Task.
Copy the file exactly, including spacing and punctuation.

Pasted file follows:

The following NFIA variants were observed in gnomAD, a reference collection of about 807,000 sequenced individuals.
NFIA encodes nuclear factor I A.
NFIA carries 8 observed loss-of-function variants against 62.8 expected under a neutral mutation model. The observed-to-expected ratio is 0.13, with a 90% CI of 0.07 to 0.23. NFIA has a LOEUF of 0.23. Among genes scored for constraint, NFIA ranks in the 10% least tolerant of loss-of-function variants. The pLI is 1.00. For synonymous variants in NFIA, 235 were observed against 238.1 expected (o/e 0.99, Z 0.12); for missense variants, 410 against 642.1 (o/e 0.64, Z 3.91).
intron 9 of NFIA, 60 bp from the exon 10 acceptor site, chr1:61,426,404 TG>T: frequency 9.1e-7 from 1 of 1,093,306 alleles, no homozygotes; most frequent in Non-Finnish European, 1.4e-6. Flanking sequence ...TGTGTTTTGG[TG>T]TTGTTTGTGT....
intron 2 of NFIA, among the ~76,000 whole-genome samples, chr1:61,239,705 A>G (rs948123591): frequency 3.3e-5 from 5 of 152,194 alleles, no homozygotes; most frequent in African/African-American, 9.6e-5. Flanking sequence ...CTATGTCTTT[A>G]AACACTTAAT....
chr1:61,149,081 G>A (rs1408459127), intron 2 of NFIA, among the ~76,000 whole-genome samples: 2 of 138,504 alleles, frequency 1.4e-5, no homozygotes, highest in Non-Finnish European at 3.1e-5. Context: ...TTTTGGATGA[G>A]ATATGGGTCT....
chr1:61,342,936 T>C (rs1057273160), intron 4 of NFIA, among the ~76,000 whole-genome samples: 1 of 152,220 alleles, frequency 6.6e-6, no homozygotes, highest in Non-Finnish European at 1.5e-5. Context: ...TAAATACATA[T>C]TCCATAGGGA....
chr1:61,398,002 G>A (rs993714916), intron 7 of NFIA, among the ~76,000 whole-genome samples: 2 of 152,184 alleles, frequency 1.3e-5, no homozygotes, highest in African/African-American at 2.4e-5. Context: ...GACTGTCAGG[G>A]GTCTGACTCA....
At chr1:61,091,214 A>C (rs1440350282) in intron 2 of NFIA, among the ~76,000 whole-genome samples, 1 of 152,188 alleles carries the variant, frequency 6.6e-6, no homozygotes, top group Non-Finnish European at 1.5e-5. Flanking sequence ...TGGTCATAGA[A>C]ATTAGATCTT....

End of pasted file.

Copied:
The following NFIA variants were observed in gnomAD, a reference collection of about 807,000 sequenced individuals.
NFIA encodes nuclear factor I A.
NFIA carries 8 observed loss-of-function variants against 62.8 expected under a neutral mutation model. The observed-to-expected ratio is 0.13, with a 90% CI of 0.07 to 0.23. NFIA has a LOEUF of 0.23. Among genes scored for constraint, NFIA ranks in the 10% least tolerant of loss-of-function variants. The pLI is 1.00. For synonymous variants in NFIA, 235 were observed against 238.1 expected (o/e 0.99, Z 0.12); for missense variants, 410 against 642.1 (o/e 0.64, Z 3.91).
intron 9 of NFIA, 60 bp from the exon 10 acceptor site, chr1:61,426,404 TG>T: frequency 9.1e-7 from 1 of 1,093,306 alleles, no homozygotes; most frequent in Non-Finnish European, 1.4e-6. Flanking sequence ...TGTGTTTTGG[TG>T]TTGTTTGTGT....
intron 2 of NFIA, among the ~76,000 whole-genome samples, chr1:61,239,705 A>G (rs948123591): frequency 3.3e-5 from 5 of 152,194 alleles, no homozygotes; most frequent in African/African-American, 9.6e-5. Flanking sequence ...CTATGTCTTT[A>G]AACACTTAAT....
chr1:61,149,081 G>A (rs1408459127), intron 2 of NFIA, among the ~76,000 whole-genome samples: 2 of 138,504 alleles, frequency 1.4e-5, no homozygotes, highest in Non-Finnish European at 3.1e-5. Context: ...TTTTGGATGA[G>A]ATATGGGTCT....
chr1:61,342,936 T>C (rs1057273160), intron 4 of NFIA, among the ~76,000 whole-genome samples: 1 of 152,220 alleles, frequency 6.6e-6, no homozygotes, highest in Non-Finnish European at 1.5e-5. Context: ...TAAATACATA[T>C]TCCATAGGGA....
chr1:61,398,002 G>A (rs993714916), intron 7 of NFIA, among the ~76,000 whole-genome samples: 2 of 152,184 alleles, frequency 1.3e-5, no homozygotes, highest in African/African-American at 2.4e-5. Context: ...GACTGTCAGG[G>A]GTCTGACTCA....
At chr1:61,091,214 A>C (rs1440350282) in intron 2 of NFIA, among the ~76,000 whole-genome samples, 1 of 152,188 alleles carries the variant, frequency 6.6e-6, no homozygotes, top group Non-Finnish European at 1.5e-5. Flanking sequence ...TGGTCATAGA[A>C]ATTAGATCTT....